The Baldurr's Gate 3 cloth map

You can’t beat a good map

These days I’m not a fan of playing to the map. Ubisoft put paid to that, as far back as Assassin’s Creed 2. Now that was a game that triggered my completionism, but I had to force myself to notice that collecting feathers after the main story was done was no longer fun. Funny, isn’t it? That stuff feels like it has a bearing on the playthrough. It might unlock loot or abilities that make you more powerful for the end boss. Or look more dapper roaming the streets of Rome (AC II), Kakariko Village (Breath of the Wild), or San Francisco (Watch Dogs 2). But come main questline completion, that stuff feels empty.

That’s probably why gamers defer the main story. I’m sure it’s better to blitz the main quest then keep going for as long as the game feels fun. I never do, though, of course. A nod, though, to Breath of the Wild and Mass Effect 2, where the divine beast and squad-char quests respectively meaningfully add to the experience as well as making the end-game easier. It’s no coincidence that those are among the best games of all time.

But most games resort to grind to embiggen your character. There’s a much easier way: easy mode. We should trust developers to cater to the main-quest audience: games must be completable without finding all the things. It’s more rewarding to master the core mechanics – it’s what makes your Hollow Knights, your Celestes and your Bloodbornes so much fun, though I confess to being too much of a wimp for the last of those.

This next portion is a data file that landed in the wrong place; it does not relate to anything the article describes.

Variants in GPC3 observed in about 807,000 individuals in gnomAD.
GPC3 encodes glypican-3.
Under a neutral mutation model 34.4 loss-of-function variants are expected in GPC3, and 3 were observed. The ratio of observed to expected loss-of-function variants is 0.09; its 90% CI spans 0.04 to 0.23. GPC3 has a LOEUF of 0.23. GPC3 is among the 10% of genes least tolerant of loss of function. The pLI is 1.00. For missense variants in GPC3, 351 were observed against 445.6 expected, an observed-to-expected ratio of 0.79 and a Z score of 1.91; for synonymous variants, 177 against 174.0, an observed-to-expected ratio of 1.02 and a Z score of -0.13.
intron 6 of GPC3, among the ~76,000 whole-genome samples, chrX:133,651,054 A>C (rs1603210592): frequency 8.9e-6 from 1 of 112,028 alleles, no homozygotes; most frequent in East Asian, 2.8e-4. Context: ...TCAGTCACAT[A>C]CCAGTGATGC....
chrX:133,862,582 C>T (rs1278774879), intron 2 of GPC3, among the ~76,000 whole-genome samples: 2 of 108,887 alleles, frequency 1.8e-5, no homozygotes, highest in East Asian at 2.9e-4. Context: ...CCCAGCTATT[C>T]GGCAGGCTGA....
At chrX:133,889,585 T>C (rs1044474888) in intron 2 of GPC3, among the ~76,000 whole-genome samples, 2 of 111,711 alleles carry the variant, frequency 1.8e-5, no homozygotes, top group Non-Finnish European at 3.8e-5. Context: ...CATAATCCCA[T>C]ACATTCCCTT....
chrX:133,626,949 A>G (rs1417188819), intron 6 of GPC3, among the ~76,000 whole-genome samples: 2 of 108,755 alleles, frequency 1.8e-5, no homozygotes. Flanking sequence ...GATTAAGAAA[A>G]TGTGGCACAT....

Mercifully, the map in Baldur’s Gate 3 is no mere geographically-visualised to-do list. It has a few points of interest and quest markers, but beyond that, it’s an actual map: a way to get your bearings in the world. Using it as an aid to simply navigate to places you haven’t been to yet is its most useful and happy function. It took me till the third act to realise I could trust the game to resolve quests merely through exploration. The game locations are big, but not too big. It’s not open-world in the contemporary sense, and it’s all the better for that.

Baldur's Gate 3 landscape shot


It could be frustrating, for a moment, to miss an optimal conversation choice because I wasn’t paying attention to some storylines enough to internalise the names. But then I reconsider: if I didn’t internalise it, I didn’t care about that particular storyline in the first place. Playing a save-the-world hero has long been a tired trope. Much more interesting to just be an agent in a world that does good things – or bad, if that’s your thing. In fact now that I think about it I’m wondering if it’s possible to see the whole game without finishing a single quest. I guess not, but it’s testament to the game that it even feels like a possibility.

And this, I suppose, is where I should get to my main point. Baldur’s Gate 3 is one of the best games – and probably the best RPG – since Mass Effect 2 (and I count both BG3 and ME2 as better than Skyrim). But to enjoy it to get the most out of it you have to overcome the FOMO. Trust the game. There’s another way to solve any problem. There’s another storyline around the corner. Play it as a true roleplay game, not as a video game – at least not in the way we’ve grown used to.

The best thing I can say about Baldur’s Gate 3 is that, at least for now, it seems to have changed my approach to games. Not only am I planning my next BG3 play-through, I’m thinking of how I’ll play my long-delayed Mass Effect Legendary Edition run. Or how I should revisit Cocoon, Stray, Eastshade, and The Forgotten City: games I know reap rewards if you stick with them, but which I bounced off in favour of games with instant gratification. (Thanks for nothing, subscription models.) As someone who has more than once Googled “how come games are boring now?” for reasons of catharsis, it’s no stretch to say Baldur’s Gate 3 has reminded me why I loved games in the first place. It’s really that good.